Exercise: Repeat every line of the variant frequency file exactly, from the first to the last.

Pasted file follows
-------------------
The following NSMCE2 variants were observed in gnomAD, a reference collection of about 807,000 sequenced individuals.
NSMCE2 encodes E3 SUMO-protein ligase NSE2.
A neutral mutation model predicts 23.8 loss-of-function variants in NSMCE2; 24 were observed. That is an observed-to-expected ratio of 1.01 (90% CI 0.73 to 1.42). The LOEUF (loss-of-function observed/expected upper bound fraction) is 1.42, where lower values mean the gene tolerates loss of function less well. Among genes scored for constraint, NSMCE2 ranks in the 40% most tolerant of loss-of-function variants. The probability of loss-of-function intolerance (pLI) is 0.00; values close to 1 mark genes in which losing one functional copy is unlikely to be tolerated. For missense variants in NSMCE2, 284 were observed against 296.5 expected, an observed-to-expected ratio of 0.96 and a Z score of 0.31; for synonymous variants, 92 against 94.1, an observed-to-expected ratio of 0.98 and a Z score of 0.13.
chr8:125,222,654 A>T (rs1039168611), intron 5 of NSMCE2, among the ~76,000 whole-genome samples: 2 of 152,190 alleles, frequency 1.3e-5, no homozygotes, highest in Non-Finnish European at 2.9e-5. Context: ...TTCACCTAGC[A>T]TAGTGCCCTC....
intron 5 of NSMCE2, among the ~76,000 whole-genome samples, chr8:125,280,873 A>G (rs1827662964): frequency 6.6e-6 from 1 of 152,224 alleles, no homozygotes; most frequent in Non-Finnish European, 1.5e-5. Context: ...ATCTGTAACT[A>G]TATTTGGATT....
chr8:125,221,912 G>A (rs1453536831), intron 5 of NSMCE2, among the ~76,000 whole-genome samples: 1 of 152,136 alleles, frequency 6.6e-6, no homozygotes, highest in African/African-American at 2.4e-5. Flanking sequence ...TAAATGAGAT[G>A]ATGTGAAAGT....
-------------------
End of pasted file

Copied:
The following NSMCE2 variants were observed in gnomAD, a reference collection of about 807,000 sequenced individuals.
NSMCE2 encodes E3 SUMO-protein ligase NSE2.
A neutral mutation model predicts 23.8 loss-of-function variants in NSMCE2; 24 were observed. That is an observed-to-expected ratio of 1.01 (90% CI 0.73 to 1.42). The LOEUF (loss-of-function observed/expected upper bound fraction) is 1.42, where lower values mean the gene tolerates loss of function less well. Among genes scored for constraint, NSMCE2 ranks in the 40% most tolerant of loss-of-function variants. The probability of loss-of-function intolerance (pLI) is 0.00; values close to 1 mark genes in which losing one functional copy is unlikely to be tolerated. For missense variants in NSMCE2, 284 were observed against 296.5 expected, an observed-to-expected ratio of 0.96 and a Z score of 0.31; for synonymous variants, 92 against 94.1, an observed-to-expected ratio of 0.98 and a Z score of 0.13.
chr8:125,222,654 A>T (rs1039168611), intron 5 of NSMCE2, among the ~76,000 whole-genome samples: 2 of 152,190 alleles, frequency 1.3e-5, no homozygotes, highest in Non-Finnish European at 2.9e-5. Context: ...TTCACCTAGC[A>T]TAGTGCCCTC....
intron 5 of NSMCE2, among the ~76,000 whole-genome samples, chr8:125,280,873 A>G (rs1827662964): frequency 6.6e-6 from 1 of 152,224 alleles, no homozygotes; most frequent in Non-Finnish European, 1.5e-5. Context: ...ATCTGTAACT[A>G]TATTTGGATT....
chr8:125,221,912 G>A (rs1453536831), intron 5 of NSMCE2, among the ~76,000 whole-genome samples: 1 of 152,136 alleles, frequency 6.6e-6, no homozygotes, highest in African/African-American at 2.4e-5. Flanking sequence ...TAAATGAGAT[G>A]ATGTGAAAGT....